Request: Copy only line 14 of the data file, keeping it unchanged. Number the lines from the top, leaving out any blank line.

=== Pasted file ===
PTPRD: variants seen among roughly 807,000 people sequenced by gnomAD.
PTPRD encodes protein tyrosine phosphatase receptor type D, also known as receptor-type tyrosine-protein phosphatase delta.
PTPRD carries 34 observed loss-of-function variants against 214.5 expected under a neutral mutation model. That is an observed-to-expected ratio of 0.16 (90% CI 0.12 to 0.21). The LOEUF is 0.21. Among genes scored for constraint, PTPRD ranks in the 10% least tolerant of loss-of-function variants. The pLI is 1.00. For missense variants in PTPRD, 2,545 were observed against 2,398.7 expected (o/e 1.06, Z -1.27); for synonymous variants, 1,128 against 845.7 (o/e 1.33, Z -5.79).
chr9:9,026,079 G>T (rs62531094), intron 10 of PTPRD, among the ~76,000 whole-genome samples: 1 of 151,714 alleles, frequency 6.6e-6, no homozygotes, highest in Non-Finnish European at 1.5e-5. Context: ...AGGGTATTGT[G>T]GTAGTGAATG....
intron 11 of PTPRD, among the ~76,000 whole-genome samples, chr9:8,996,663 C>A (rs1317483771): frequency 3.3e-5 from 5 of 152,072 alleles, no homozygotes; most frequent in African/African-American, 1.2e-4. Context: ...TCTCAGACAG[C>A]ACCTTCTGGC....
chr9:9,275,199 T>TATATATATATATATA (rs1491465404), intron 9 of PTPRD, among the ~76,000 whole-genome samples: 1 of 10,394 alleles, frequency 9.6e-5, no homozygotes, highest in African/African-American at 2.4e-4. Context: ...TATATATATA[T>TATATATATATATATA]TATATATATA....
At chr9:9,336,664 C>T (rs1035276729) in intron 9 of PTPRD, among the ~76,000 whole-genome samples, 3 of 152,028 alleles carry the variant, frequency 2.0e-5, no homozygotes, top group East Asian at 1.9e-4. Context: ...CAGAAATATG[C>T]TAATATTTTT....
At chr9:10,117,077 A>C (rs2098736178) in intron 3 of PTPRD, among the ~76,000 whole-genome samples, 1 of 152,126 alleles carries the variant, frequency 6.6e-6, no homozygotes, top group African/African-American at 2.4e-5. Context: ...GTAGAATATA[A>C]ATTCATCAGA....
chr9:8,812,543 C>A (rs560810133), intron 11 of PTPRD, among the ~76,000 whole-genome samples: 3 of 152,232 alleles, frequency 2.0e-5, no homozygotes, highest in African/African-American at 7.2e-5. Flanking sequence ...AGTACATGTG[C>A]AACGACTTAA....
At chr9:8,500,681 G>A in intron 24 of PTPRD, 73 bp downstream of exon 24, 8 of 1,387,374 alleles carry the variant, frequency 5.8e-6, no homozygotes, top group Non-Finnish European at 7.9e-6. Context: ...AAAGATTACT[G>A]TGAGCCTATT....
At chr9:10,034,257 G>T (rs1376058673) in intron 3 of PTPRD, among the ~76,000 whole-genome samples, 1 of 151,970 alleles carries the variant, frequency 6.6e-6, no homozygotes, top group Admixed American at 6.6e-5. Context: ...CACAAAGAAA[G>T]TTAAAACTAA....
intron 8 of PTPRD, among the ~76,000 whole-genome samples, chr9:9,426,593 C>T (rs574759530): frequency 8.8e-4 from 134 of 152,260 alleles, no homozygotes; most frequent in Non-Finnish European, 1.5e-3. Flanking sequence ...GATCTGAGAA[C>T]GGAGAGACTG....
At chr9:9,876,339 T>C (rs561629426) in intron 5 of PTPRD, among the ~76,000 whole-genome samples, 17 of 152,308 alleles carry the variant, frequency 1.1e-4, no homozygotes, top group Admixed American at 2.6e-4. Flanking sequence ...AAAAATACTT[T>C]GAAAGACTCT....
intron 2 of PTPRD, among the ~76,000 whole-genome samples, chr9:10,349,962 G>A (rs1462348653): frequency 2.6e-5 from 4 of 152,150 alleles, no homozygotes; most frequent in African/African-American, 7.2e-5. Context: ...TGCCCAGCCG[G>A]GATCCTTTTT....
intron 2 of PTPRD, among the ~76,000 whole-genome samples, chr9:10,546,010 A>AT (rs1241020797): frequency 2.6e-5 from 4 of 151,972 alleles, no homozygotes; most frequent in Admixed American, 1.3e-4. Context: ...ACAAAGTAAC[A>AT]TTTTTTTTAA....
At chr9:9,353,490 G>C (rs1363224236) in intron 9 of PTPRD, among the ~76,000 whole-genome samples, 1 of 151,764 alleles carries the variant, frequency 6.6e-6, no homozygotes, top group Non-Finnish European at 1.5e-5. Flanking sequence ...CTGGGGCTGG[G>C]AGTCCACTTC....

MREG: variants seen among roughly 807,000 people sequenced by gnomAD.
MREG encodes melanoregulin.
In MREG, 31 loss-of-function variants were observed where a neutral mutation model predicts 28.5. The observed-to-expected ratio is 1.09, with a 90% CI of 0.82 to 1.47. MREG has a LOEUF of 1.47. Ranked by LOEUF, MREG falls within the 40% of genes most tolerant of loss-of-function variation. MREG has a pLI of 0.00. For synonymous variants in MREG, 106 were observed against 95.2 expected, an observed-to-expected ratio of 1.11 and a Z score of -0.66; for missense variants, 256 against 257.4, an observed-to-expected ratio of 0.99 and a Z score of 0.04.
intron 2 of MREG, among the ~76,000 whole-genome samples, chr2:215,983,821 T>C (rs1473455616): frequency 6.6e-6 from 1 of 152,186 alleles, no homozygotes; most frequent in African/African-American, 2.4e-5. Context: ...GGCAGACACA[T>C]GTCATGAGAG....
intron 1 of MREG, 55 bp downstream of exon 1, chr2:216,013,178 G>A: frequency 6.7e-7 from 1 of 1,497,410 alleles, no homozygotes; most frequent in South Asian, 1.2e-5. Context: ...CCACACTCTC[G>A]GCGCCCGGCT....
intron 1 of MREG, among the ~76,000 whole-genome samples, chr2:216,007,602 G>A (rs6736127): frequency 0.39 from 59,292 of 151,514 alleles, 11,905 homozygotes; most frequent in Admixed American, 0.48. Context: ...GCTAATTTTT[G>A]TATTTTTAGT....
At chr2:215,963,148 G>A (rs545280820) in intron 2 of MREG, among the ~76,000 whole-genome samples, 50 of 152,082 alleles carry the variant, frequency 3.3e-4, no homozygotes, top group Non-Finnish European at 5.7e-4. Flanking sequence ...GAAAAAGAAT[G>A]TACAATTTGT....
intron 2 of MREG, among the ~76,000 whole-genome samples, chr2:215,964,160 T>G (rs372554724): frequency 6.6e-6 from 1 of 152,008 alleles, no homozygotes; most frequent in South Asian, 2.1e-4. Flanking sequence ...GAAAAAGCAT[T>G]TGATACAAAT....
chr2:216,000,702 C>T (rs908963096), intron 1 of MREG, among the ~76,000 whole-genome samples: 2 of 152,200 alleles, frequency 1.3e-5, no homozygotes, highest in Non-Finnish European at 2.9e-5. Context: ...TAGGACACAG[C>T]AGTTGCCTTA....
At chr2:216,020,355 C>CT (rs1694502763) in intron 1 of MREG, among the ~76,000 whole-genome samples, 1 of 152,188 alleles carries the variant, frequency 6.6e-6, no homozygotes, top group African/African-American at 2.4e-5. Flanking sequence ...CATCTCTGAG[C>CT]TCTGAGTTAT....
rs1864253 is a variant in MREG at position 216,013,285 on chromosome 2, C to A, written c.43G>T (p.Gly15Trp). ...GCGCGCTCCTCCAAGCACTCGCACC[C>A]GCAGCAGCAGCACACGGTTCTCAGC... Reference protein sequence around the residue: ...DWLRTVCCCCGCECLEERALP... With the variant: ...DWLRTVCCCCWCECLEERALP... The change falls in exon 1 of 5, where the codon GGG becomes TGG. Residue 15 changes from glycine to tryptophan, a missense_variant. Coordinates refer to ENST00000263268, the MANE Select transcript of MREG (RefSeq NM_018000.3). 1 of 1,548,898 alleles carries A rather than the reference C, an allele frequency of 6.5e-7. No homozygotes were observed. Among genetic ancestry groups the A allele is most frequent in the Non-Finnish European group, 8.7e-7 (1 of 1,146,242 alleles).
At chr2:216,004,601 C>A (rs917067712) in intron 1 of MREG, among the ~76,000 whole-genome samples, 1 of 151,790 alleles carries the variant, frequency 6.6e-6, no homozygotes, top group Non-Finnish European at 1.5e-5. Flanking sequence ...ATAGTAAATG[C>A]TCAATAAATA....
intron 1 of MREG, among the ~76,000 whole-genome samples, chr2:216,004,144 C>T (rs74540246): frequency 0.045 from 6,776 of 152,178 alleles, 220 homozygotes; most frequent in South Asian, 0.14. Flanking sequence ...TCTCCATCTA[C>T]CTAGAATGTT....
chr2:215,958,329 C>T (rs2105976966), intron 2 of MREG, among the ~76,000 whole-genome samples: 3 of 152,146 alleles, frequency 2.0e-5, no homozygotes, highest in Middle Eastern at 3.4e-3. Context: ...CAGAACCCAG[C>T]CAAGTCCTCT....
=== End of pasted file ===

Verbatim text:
intron 2 of PTPRD, among the ~76,000 whole-genome samples, chr9:10,349,962 G>A (rs1462348653): frequency 2.6e-5 from 4 of 152,150 alleles, no homozygotes; most frequent in African/African-American, 7.2e-5. Context: ...TGCCCAGCCG[G>A]GATCCTTTTT....